“Time to Modernize the Marine Mammal Protection Act”

The International Association of Geophysical Contractors posted the above-titled article on its website.  This article reads in part as follows:

“The U.S. is falling behind in seismic information gathering, exploration activity and energy development due to unnecessary bureaucratic delays caused by the vague language and broken regulatory processes in the Marine Mammal Protection Act (MMPA). On the Atlantic Outer Continental Shelf alone, current procedural requirements have led to 1,200 days of regulatory inaction, because it fails to hold the implementing agencies accountable.

The MMPA was created to protect marine mammals, but not to be used as a tool by anti-energy groups to prevent exploration activities.

NMFS Issues Navy Taking Regulations for Atlantic Fleet Training and Testing Study Area

The U.S. National Marine Fisheries has issued regulations pursuant to the Marine Mammal Protection Act to govern the taking of marine mammals incidental to the training and testing activities conducted in the Atlantic Fleet Training

and Testing Study Area over the course of five years beginning in November, 2018. These regulations allow for the issuance of Letters of Authorization for the incidental take of marine mammals during the described activities and time frames, prescribe the permissible methods of taking and other means of effecting the least practicable adverse impact on marine mammal species or stocks and their habitat, and establish requirements pertaining to the monitoring and reporting of such taking. These regulations are effective from November 14, 2018 through November 13, 2023.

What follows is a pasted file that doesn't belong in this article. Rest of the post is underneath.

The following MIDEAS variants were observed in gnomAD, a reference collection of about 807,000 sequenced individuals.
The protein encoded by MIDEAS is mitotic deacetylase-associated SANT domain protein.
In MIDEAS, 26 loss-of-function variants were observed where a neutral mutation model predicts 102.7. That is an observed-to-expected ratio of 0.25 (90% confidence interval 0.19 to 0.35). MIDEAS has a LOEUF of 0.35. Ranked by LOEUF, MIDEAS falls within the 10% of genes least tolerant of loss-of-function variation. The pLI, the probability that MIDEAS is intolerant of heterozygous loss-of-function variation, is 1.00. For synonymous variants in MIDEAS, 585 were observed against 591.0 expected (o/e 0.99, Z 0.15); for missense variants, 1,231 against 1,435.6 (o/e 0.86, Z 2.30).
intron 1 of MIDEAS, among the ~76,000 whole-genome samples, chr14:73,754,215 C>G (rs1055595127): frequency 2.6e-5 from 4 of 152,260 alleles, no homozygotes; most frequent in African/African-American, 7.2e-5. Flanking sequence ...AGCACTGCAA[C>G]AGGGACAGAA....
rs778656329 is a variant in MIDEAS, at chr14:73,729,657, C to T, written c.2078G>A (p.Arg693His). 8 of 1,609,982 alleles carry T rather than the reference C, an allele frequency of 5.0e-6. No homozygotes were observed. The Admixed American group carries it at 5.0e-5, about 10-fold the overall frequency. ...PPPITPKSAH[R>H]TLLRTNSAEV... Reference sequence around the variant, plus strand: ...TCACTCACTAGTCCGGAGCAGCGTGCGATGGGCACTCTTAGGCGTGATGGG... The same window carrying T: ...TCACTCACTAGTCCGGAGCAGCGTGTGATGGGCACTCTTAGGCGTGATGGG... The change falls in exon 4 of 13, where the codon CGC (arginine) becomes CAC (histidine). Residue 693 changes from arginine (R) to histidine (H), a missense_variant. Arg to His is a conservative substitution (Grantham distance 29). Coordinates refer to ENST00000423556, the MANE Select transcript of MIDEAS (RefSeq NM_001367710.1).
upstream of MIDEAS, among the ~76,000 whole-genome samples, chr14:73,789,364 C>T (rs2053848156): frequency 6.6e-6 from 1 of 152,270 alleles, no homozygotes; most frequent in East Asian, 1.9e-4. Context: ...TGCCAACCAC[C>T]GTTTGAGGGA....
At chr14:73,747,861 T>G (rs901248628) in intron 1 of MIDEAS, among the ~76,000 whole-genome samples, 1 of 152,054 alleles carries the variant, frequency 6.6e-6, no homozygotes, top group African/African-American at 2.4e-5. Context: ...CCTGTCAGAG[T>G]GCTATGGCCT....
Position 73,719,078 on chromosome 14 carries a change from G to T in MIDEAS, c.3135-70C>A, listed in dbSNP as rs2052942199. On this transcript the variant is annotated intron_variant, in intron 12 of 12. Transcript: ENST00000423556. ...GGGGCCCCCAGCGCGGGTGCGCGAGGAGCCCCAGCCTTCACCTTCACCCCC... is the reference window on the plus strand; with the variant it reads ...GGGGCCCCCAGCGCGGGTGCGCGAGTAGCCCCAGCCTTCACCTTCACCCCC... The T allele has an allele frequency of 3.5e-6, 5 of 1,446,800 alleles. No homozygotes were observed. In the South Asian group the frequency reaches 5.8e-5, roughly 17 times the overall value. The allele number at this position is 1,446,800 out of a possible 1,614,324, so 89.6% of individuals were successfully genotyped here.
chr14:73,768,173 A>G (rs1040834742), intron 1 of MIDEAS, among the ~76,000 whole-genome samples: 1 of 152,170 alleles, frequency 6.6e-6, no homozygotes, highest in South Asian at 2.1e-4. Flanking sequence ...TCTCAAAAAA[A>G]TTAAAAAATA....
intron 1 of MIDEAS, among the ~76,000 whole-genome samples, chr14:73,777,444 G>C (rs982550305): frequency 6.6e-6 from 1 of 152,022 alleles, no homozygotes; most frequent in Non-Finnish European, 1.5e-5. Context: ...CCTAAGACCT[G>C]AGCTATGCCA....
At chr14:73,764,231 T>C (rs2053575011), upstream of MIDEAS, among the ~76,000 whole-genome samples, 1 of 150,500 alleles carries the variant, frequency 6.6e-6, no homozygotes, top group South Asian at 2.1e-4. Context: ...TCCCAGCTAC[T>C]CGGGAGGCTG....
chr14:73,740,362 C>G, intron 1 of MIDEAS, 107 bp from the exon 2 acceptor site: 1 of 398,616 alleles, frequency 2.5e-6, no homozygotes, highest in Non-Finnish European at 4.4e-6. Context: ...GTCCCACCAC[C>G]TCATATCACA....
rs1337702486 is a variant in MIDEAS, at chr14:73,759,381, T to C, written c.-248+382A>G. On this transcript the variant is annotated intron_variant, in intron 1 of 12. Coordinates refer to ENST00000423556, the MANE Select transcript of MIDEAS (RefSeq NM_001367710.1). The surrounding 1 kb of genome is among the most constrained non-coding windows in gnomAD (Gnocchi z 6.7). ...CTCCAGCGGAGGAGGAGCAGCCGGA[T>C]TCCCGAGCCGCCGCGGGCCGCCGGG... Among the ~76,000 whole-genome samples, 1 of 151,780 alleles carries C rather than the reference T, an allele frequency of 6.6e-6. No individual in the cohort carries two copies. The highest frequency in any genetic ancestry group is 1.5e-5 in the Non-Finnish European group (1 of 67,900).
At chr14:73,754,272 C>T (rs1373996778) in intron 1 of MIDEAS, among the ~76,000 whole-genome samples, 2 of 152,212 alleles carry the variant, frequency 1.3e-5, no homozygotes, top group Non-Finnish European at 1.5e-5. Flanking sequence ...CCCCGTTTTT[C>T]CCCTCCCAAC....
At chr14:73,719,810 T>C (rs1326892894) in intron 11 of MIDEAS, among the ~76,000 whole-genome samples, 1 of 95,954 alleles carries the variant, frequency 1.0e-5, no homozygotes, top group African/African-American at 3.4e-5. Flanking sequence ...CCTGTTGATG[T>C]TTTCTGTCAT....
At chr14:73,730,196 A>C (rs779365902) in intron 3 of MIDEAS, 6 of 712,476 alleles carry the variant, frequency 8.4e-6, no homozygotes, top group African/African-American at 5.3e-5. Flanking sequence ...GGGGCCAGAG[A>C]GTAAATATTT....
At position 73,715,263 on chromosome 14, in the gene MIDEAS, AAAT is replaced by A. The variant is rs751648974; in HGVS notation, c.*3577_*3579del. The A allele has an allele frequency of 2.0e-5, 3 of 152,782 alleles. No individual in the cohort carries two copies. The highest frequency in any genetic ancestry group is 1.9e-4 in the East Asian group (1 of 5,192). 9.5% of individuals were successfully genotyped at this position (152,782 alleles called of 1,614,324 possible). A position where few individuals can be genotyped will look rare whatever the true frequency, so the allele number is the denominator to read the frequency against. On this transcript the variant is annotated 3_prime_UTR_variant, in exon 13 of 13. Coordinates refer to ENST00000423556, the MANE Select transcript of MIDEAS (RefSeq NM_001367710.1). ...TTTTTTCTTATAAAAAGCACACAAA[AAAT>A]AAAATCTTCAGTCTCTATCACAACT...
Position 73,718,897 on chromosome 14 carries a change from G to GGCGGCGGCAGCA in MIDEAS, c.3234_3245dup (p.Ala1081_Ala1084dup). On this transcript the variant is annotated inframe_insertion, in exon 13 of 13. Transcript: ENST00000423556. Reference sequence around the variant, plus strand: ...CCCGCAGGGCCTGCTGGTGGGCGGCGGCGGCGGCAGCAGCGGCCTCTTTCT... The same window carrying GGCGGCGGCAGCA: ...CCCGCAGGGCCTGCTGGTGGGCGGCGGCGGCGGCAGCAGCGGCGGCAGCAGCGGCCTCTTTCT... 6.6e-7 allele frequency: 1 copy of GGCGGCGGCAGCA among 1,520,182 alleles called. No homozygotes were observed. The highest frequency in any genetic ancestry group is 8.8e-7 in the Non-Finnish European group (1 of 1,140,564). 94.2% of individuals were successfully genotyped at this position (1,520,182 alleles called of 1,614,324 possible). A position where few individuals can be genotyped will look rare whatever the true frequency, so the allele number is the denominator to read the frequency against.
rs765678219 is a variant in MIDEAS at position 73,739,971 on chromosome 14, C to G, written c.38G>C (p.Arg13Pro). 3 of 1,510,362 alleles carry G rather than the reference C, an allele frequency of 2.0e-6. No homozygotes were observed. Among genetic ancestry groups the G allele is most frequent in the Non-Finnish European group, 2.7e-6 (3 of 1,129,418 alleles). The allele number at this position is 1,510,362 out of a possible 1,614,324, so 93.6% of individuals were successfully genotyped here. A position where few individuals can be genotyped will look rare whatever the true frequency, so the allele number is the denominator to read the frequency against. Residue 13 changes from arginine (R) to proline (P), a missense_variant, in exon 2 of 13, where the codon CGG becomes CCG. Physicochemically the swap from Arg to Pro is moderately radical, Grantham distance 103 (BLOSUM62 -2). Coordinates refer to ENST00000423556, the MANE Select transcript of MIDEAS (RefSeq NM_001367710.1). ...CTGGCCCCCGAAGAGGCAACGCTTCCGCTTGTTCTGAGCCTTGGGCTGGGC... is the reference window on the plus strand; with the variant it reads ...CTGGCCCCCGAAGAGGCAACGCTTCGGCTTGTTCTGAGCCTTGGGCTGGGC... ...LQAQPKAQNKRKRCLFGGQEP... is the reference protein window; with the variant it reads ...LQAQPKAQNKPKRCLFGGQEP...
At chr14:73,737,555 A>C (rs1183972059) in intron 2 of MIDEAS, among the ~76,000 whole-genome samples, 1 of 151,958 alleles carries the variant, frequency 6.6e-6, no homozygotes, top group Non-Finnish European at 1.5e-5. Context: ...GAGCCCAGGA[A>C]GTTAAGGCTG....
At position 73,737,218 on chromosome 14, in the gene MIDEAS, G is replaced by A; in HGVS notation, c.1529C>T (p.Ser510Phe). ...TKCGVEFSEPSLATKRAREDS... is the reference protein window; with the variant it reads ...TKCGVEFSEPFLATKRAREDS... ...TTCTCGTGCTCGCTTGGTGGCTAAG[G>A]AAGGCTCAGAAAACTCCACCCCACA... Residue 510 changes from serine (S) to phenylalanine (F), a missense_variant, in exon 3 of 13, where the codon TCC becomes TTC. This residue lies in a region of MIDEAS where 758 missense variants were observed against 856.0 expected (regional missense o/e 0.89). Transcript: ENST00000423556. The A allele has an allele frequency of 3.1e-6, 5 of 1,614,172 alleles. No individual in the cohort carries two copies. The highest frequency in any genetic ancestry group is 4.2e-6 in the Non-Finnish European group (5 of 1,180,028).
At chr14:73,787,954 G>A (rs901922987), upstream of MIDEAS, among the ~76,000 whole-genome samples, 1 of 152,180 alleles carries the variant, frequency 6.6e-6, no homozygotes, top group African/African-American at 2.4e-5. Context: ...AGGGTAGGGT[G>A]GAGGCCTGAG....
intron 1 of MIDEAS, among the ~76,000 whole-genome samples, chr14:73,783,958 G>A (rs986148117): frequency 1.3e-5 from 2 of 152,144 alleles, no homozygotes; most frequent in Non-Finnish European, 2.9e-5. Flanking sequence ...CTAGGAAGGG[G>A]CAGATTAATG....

Attend 48th AGC Annual Conference

The International Association of Geophysical Contractors will hold its 48th Annual Conference on Wednesday, February 20, 2019, from 7:30 AM to 5:30 PM CST, at the Hilton Westchase, 9999 Westheimer Road, Houston, TX 77042.

The theme of this conference is “Accelerating Exploration, Expanding energy Possibilities.”

Click here for more information and relevant links.



“Arctic Council meeting focuses on biodiversity in the Arctic”

The Arctic Council distributed the above-titled email about its latest meeting. The email reads as follows:

“Representatives of the eight Arctic States and six indigenous Permanent Participant organizations, as well as the Arctic Council’s six Working Groups and more than thirty Observers, met in Rovaniemi, Finland on 1-2 November 2018. This was the third Senior Arctic Officials’ meeting held during the Chairmanship of Finland (2017-2019).

The Council focused its thematic discussion on biodiversity in the Arctic and welcomed updates from the six Working Groups, two Task Forces, and one Expert Group, as well as interventions from Observers. During the biodiversity discussion Working Groups presented their ongoing efforts to advance biodiversity conservation, inform policy, and engage the public.